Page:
Dr. Quillen is a trained anthropologist and a statistical and population geneticist. Dr. Quillen is interested in applying integrated omic analyses to study age-related disorders and their molecular and physiological basis. Her initial training involved the identification of admixture and population history events that influence modern population-wide differences in pigmentation allele frequencies. She continued her research with family-based studies of schizophrenia through integration of transcriptomic and methylation data. This led to studies including proteomics and metabolomics data and age-related changes in model structure. Recent collaborations include transcriptomic analyses of white blood cells to identify changes related to osteoporosis of the spine and femur in the baboon model and studies on the relationship between a decline in bone quality and the metabolic syndrome.
In her work, Dr. Quillen combines transcriptomic and epigenetic data with proteomics and metabolomics to better understand bone health and metabolic disease in non-human primate models.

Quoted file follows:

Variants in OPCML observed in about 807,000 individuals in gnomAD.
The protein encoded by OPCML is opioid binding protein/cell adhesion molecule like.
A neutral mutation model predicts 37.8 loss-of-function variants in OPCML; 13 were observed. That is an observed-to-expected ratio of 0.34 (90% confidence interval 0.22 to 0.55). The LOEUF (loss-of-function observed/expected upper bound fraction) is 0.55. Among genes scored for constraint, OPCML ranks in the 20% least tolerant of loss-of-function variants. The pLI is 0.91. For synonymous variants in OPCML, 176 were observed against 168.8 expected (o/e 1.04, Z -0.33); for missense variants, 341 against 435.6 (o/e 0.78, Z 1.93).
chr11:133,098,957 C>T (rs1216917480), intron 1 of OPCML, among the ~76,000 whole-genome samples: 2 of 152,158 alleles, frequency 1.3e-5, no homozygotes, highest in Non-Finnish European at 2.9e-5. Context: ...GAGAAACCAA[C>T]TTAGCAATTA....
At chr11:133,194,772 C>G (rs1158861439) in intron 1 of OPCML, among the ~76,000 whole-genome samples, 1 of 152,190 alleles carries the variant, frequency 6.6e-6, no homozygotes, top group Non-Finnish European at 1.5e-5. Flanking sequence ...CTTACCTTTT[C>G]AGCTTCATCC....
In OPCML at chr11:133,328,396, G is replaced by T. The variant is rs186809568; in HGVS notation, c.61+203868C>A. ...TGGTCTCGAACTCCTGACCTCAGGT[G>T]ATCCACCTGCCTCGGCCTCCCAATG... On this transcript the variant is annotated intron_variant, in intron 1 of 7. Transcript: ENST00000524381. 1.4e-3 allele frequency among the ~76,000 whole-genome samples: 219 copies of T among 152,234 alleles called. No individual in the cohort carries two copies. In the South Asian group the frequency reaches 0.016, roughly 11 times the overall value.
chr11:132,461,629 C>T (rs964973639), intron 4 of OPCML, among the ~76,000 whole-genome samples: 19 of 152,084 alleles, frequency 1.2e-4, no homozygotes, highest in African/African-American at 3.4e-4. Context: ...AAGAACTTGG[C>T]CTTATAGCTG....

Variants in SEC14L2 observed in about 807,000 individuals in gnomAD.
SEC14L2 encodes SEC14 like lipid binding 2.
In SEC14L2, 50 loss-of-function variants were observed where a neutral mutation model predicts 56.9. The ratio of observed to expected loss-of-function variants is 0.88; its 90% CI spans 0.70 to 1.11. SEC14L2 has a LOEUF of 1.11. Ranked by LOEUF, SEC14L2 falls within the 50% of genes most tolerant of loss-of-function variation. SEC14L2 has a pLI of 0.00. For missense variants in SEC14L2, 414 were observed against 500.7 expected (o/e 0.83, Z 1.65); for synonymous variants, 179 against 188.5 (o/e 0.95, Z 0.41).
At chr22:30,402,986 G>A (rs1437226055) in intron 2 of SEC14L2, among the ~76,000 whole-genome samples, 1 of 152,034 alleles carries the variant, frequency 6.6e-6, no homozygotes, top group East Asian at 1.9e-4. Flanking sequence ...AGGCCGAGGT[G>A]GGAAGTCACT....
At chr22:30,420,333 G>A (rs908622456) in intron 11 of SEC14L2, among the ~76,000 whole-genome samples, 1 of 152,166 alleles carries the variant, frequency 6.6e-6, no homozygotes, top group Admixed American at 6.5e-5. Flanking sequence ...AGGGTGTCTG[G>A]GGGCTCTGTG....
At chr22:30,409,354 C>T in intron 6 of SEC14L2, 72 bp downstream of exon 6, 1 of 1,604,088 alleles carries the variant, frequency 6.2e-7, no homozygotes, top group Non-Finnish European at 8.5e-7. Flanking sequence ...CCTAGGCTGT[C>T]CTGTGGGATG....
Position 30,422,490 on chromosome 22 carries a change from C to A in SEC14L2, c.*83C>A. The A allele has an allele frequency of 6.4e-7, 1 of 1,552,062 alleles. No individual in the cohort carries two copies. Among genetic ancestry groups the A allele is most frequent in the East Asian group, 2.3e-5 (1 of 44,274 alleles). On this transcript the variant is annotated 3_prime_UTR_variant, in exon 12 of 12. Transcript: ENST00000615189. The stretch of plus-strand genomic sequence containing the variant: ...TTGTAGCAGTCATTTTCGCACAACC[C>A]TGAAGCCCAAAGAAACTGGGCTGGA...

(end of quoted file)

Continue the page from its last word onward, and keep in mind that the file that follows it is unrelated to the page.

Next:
Methods and Technologies
We have developed several new analytical methods for working with genomic and transcriptomic data. This includes a method to generate an estimated genetic value in pedigreed populations to remove the effect of environmental variation from genetic analyses. In this work, we compared multiple methods of calculating empirical kinship using whole-genome sequence data and subsets of these data. We also developed a method for the integrated analysis of transcripts in pathways using a variance components-based method.
Our group participated in multiple collaborative efforts to characterize genetic variation related to population structure and normal phenotypic variation for which we performed genotyping, contributed to sample collection, collected genetic and phenotypic data, and designed and performed the analyses to characterize the role of ancestry and genitive variants on constitutive pigmentation and tanning response. As part of our ongoing efforts to understand the role of human evolutionary history in shaping population-specific disease risk, our ongoing work focuses on tanning as an adaptive phenotype to protect against UV damage in populations of the Americas while simultaneously increasing risk of vitamin D deficiency.
Currently, we are collaborating with investigators at the University of Colorado at Boulder to examine the impact of diabetes on protein production and modification in humans and the baboon as a model of metabolic disorders of the bone. The goal of the research is to identify the joint impact of age and diet on bone health independent of bone mineral density. This line of research is increasingly necessary as more elderly individuals suffer from obesity and diabetes and a decreasing proportion of fractures occur among those with low BMD.